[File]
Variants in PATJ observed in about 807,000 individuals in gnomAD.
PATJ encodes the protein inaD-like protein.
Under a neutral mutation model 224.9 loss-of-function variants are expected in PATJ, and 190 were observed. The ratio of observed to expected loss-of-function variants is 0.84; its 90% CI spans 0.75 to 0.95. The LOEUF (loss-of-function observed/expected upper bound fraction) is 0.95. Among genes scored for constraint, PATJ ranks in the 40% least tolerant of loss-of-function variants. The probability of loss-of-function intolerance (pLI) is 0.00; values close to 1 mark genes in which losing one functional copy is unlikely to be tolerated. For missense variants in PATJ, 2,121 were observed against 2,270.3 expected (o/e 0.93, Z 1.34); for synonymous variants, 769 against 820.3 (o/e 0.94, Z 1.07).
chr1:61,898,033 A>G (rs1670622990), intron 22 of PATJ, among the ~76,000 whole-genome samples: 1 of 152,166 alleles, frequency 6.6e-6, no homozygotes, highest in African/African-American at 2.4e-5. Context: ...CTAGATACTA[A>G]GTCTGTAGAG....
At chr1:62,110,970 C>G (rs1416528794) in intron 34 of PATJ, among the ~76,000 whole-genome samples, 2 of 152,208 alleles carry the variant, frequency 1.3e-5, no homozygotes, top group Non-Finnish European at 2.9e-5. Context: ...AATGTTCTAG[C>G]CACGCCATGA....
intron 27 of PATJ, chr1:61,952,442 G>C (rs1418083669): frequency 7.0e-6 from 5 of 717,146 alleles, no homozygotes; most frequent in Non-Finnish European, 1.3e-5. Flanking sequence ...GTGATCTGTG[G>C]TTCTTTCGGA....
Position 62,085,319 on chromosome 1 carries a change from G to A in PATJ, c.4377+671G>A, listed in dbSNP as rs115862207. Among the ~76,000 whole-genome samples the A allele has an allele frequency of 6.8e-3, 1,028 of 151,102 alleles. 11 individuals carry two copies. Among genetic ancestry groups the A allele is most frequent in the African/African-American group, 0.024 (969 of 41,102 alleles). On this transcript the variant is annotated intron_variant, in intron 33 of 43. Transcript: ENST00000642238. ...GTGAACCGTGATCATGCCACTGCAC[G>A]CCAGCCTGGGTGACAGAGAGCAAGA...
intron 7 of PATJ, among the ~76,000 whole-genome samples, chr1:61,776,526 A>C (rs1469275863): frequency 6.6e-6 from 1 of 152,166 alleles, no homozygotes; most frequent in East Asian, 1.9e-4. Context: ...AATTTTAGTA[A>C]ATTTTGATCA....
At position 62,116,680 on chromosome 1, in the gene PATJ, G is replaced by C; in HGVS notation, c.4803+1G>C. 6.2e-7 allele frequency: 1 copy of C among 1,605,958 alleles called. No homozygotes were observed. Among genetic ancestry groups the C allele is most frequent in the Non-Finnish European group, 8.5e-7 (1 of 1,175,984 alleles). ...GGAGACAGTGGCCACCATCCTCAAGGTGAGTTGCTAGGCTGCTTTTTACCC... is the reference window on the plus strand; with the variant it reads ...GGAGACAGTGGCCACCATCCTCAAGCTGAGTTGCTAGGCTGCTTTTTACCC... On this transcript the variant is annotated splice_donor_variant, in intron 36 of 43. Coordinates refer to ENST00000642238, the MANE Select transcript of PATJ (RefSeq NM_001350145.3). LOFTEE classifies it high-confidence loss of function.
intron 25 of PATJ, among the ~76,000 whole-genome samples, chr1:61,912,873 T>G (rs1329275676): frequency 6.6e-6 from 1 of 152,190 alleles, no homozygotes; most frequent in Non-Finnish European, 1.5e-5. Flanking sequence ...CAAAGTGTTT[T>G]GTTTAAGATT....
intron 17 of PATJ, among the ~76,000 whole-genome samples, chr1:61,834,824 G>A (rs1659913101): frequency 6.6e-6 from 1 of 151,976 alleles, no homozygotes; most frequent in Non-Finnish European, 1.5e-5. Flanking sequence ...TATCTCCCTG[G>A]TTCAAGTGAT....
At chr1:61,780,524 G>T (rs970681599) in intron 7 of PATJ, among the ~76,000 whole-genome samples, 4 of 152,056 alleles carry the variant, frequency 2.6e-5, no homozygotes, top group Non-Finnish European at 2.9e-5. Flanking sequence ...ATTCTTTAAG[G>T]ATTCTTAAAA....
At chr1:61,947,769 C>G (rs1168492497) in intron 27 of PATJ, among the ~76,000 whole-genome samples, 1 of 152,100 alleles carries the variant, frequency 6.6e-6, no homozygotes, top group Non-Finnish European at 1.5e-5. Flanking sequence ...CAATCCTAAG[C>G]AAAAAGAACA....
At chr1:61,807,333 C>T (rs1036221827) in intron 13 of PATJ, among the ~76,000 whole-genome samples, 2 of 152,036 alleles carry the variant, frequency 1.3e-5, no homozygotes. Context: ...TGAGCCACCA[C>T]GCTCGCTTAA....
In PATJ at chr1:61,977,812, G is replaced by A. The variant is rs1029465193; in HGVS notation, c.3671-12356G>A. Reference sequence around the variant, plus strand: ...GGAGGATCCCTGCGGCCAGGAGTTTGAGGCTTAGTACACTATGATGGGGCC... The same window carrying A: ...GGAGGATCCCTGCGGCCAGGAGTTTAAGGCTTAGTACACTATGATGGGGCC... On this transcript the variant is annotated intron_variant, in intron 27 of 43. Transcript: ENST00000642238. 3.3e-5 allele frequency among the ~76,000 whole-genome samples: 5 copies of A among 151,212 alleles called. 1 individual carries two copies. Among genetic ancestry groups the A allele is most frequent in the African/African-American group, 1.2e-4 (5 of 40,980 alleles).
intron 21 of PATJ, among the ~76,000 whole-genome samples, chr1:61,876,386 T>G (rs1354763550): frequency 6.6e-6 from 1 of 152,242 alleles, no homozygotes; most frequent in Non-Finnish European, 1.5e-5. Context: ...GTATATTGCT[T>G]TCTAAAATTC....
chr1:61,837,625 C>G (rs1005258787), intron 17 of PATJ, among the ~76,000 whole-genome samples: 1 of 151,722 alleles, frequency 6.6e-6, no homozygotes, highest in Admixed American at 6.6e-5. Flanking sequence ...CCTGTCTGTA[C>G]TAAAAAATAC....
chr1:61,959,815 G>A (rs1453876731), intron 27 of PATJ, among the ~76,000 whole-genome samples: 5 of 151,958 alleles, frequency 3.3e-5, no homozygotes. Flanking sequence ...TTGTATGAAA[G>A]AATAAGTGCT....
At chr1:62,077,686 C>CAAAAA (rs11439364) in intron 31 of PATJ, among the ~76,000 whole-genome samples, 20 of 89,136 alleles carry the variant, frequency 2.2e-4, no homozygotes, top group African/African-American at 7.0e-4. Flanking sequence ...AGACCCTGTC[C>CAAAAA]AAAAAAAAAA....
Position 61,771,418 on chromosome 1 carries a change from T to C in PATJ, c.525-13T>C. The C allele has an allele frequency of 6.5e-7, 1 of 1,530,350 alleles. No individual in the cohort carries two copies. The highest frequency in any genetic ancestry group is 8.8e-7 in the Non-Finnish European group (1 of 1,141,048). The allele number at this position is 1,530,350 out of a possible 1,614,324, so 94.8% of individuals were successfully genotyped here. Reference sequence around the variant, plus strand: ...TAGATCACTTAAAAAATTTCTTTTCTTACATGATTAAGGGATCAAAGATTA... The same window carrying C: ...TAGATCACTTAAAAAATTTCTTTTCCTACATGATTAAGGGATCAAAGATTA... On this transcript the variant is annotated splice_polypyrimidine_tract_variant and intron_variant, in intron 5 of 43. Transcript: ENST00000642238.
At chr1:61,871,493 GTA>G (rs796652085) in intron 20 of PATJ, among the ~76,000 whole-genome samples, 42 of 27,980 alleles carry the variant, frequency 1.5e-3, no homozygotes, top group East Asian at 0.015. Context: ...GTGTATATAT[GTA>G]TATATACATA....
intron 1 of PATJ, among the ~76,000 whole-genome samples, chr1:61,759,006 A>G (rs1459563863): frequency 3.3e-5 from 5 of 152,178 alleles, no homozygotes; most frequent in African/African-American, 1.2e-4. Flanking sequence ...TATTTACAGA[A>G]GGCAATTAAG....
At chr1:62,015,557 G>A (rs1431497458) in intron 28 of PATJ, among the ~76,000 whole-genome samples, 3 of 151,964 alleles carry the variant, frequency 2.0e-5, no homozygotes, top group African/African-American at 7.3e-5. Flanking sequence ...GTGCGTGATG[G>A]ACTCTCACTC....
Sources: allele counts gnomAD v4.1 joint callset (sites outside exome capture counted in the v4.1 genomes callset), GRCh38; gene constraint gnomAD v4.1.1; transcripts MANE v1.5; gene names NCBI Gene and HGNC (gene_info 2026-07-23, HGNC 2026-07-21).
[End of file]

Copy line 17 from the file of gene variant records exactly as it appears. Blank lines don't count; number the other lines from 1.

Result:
chr1:61,837,625 C>G (rs1005258787), intron 17 of PATJ, among the ~76,000 whole-genome samples: 1 of 151,722 alleles, frequency 6.6e-6, no homozygotes, highest in Admixed American at 6.6e-5. Flanking sequence ...CCTGTCTGTA[C>G]TAAAAAATAC....